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The Rate of Improvement in Long-Term Dynamic Psychotherapy For Borderline Personality Disorder

Perry, J. Christopher MPH, MD; Bond, Michael MD; Békés, Vera PhD

The Journal of Nervous and Mental Disease: July 2017 - Volume 205 - Issue 7 - p 517–524
doi: 10.1097/NMD.0000000000000697
Original Articles

Controlled trials of psychotherapy and follow-up studies of borderline personality disorder (BPD) have shown significant, but usually limited, improvement. We examined the hypothesis that BPD changes more slowly than nonborderline disorders. In a study of long-term dynamic psychotherapy, 16 subjects with BPD and 35 with non-BPD disorders were treated for a median of 3 years with a follow-up of 5 years. From periodic assessments, we calculated the rate of change for each subject over the course of the study on each measure of symptoms and functioning. At intake, borderline psychopathology was associated with higher levels on 76% of 17 measures of comorbid axis I disorders, symptoms, and functioning. BPD psychopathology was associated with faster (not slower) rates of improvement on three measures, but after controlling for the initial level of each measure, there were no significant associations. These findings counsel both optimism and patience in the long-term treatment of patients with BPD.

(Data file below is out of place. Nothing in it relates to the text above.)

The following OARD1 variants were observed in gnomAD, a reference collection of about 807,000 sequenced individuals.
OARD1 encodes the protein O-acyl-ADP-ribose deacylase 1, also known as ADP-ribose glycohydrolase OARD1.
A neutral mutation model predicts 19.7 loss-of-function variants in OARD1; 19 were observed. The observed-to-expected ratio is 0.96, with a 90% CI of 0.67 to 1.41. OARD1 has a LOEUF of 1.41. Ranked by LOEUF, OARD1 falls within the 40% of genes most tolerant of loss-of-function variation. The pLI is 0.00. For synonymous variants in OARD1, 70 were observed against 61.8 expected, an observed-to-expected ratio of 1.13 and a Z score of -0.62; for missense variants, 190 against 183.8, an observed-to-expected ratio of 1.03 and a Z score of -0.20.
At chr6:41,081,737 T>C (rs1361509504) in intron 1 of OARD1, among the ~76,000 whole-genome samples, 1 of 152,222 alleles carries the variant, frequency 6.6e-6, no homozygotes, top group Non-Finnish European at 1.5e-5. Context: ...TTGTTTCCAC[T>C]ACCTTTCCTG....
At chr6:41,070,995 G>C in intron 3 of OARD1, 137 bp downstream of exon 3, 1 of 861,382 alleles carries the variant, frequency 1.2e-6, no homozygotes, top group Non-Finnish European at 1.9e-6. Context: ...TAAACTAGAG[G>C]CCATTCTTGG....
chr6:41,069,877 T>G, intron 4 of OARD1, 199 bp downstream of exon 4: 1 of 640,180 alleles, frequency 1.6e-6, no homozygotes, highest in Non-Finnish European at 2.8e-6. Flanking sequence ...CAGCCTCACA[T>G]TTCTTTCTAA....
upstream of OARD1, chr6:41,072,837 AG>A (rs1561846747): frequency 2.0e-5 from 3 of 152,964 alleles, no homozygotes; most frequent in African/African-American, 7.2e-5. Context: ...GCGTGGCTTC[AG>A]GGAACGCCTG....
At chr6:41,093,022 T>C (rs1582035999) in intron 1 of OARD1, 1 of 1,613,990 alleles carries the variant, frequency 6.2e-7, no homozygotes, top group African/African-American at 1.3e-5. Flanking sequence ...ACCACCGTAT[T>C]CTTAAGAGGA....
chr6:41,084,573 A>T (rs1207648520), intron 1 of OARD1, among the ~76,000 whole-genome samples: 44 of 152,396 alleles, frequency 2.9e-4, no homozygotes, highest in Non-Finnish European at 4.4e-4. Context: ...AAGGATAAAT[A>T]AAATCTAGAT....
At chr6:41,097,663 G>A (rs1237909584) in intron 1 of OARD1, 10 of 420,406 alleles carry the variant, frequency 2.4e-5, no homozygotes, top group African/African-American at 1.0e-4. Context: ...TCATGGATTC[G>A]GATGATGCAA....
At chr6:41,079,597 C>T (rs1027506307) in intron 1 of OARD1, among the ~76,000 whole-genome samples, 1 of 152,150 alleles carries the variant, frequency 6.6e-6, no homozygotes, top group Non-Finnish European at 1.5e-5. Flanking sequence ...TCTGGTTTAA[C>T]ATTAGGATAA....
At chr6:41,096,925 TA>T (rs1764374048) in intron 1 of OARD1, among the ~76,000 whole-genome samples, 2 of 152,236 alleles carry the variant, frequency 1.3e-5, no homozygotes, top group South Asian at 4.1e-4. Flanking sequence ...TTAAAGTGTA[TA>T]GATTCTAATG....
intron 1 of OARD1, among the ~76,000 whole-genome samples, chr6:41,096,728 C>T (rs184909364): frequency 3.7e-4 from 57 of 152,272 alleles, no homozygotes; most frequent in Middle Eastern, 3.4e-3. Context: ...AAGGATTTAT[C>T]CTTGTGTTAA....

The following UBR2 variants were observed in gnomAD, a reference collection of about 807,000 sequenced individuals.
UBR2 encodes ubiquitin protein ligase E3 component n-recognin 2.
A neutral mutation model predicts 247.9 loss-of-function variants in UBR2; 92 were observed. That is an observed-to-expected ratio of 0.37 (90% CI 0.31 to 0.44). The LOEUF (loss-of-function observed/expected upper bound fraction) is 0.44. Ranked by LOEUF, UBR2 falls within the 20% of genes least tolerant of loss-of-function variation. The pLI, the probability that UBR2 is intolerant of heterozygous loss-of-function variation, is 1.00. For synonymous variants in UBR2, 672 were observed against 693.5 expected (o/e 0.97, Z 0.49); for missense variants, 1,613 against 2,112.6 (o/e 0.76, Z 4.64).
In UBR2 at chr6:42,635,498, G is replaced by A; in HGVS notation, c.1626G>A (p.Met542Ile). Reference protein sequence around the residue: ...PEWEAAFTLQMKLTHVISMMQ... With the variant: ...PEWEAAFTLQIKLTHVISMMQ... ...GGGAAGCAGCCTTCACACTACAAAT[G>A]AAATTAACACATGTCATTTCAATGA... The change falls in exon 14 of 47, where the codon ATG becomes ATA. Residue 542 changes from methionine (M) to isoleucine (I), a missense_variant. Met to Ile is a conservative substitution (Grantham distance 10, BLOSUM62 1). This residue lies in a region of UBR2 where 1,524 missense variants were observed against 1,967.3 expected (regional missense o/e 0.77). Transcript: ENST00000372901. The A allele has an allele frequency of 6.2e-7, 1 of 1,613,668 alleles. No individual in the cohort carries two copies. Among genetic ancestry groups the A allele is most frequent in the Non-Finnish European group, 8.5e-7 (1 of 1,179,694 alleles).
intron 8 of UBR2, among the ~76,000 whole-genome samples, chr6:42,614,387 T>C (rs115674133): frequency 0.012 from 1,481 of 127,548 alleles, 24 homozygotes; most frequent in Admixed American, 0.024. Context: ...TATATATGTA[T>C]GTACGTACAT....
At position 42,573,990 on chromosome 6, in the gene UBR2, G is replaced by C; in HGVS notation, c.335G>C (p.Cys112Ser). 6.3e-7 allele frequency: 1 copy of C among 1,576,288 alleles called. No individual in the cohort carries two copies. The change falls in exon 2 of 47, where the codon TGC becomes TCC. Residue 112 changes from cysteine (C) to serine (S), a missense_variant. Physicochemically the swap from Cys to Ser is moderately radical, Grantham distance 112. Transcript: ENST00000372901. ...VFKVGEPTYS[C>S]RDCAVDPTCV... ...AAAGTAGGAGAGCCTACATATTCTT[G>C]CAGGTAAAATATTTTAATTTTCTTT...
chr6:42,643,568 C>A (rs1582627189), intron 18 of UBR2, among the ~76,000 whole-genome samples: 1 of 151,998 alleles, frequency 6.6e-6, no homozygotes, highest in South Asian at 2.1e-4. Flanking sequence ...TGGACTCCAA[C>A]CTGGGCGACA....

McGill University at the Institute of Community and Family Psychiatry, Jewish General Hospital, Montréal, Québec, Canada.

Send reprint requests to J. Christopher Perry, MPH, MD, The Institute of Community and Family Psychiatry, 4333 Chemin de la Côte Ste-Catherine, Montréal, Québec, Canada H3T 1E4. E-mail: jchristopher.perry@mcgill.ca.

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